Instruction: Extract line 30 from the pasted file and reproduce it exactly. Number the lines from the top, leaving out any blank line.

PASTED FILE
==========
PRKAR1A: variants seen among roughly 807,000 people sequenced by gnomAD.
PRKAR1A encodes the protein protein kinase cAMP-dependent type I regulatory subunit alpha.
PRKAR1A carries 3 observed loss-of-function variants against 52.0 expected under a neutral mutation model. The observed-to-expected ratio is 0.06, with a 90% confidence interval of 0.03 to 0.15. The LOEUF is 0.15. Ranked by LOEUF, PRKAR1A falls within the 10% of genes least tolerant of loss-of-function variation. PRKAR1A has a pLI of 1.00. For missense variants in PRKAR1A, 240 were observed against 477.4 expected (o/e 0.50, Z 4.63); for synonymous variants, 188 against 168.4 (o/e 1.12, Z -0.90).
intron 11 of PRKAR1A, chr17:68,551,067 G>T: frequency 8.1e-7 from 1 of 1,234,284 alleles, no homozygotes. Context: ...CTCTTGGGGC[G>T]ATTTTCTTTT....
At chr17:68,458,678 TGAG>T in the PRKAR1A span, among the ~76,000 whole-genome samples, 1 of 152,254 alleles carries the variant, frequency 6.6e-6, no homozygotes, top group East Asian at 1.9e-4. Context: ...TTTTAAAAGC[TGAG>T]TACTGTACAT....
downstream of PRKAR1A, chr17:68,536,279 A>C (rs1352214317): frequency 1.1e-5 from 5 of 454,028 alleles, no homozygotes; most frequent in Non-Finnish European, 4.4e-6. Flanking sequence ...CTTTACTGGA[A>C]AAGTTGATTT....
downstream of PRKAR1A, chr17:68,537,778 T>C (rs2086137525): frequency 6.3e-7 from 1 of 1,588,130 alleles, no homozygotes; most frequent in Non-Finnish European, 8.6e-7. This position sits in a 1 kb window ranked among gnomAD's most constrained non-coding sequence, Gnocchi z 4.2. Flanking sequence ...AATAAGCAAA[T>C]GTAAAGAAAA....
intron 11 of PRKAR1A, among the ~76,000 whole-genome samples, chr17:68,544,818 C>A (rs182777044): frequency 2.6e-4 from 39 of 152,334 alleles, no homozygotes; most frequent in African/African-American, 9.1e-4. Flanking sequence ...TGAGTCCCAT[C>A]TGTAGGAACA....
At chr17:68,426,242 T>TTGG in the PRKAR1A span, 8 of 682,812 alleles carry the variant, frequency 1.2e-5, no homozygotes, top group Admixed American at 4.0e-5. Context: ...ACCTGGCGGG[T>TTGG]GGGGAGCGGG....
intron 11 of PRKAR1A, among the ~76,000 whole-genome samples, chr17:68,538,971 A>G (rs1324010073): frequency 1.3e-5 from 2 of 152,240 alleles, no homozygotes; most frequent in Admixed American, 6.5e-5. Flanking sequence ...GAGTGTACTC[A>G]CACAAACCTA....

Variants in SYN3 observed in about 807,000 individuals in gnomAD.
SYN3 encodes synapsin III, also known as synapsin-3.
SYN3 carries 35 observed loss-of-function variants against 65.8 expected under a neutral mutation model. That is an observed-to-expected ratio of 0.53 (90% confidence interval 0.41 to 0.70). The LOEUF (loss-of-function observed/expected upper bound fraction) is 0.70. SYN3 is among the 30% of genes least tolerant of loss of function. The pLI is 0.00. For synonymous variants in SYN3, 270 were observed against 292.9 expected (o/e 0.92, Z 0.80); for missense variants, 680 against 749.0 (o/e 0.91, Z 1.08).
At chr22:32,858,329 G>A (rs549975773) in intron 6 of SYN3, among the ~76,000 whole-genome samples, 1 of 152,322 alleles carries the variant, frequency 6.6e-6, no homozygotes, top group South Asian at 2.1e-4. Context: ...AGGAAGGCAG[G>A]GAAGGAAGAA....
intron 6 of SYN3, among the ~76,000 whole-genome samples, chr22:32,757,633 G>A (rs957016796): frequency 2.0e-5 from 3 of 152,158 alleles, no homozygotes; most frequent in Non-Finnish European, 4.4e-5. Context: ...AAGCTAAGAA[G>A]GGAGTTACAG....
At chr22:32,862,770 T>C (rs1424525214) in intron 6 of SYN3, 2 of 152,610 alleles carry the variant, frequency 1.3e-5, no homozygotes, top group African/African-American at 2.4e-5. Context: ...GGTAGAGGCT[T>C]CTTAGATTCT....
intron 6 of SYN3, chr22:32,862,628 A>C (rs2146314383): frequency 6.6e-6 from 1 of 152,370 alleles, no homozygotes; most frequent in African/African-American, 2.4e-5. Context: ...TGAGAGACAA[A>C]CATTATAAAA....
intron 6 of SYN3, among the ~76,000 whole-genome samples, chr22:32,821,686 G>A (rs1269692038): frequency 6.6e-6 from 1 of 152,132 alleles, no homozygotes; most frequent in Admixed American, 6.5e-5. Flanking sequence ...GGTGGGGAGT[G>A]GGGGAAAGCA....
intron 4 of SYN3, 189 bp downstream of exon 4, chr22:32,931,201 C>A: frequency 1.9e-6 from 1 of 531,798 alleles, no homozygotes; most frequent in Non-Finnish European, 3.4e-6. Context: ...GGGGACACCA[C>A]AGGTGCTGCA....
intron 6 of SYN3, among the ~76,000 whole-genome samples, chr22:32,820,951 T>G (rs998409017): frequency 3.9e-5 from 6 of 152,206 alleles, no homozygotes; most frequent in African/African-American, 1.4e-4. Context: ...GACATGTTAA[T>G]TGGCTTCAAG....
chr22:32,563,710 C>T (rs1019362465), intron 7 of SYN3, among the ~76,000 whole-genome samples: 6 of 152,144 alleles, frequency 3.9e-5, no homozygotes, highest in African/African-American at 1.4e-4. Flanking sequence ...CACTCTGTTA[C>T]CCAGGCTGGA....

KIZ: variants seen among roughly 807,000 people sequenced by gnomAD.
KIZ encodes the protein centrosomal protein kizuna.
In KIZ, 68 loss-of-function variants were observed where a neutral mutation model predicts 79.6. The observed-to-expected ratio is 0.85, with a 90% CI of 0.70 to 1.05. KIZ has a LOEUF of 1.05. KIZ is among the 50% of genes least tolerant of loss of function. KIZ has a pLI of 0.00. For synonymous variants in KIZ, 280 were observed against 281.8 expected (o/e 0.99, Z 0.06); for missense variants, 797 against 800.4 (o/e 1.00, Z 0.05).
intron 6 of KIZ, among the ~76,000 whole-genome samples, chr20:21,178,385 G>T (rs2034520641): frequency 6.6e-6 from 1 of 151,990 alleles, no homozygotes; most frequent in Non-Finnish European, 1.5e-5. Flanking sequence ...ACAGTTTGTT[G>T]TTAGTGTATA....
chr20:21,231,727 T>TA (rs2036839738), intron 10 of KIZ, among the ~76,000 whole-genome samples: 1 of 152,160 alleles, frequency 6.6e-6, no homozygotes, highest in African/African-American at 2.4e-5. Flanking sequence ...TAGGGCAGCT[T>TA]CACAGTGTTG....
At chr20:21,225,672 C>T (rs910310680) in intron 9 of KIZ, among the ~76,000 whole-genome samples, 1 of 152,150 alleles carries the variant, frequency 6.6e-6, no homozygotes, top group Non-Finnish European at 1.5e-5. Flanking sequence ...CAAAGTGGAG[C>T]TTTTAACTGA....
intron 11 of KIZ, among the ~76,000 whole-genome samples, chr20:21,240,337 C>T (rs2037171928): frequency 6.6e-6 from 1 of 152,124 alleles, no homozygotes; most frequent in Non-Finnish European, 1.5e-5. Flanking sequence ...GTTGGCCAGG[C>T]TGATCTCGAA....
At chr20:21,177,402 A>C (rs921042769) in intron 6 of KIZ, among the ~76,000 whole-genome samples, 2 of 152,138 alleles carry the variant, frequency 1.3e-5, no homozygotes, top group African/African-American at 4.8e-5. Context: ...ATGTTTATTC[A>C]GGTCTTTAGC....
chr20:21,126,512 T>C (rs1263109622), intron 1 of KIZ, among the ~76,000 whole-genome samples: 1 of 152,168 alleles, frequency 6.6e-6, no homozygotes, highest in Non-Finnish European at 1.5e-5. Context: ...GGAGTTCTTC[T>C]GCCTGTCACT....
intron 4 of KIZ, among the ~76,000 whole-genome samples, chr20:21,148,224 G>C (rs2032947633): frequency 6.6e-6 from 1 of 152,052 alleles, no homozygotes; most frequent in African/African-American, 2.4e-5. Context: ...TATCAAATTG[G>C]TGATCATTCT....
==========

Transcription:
chr20:21,126,512 T>C (rs1263109622), intron 1 of KIZ, among the ~76,000 whole-genome samples: 1 of 152,168 alleles, frequency 6.6e-6, no homozygotes, highest in Non-Finnish European at 1.5e-5. Context: ...GGAGTTCTTC[T>C]GCCTGTCACT....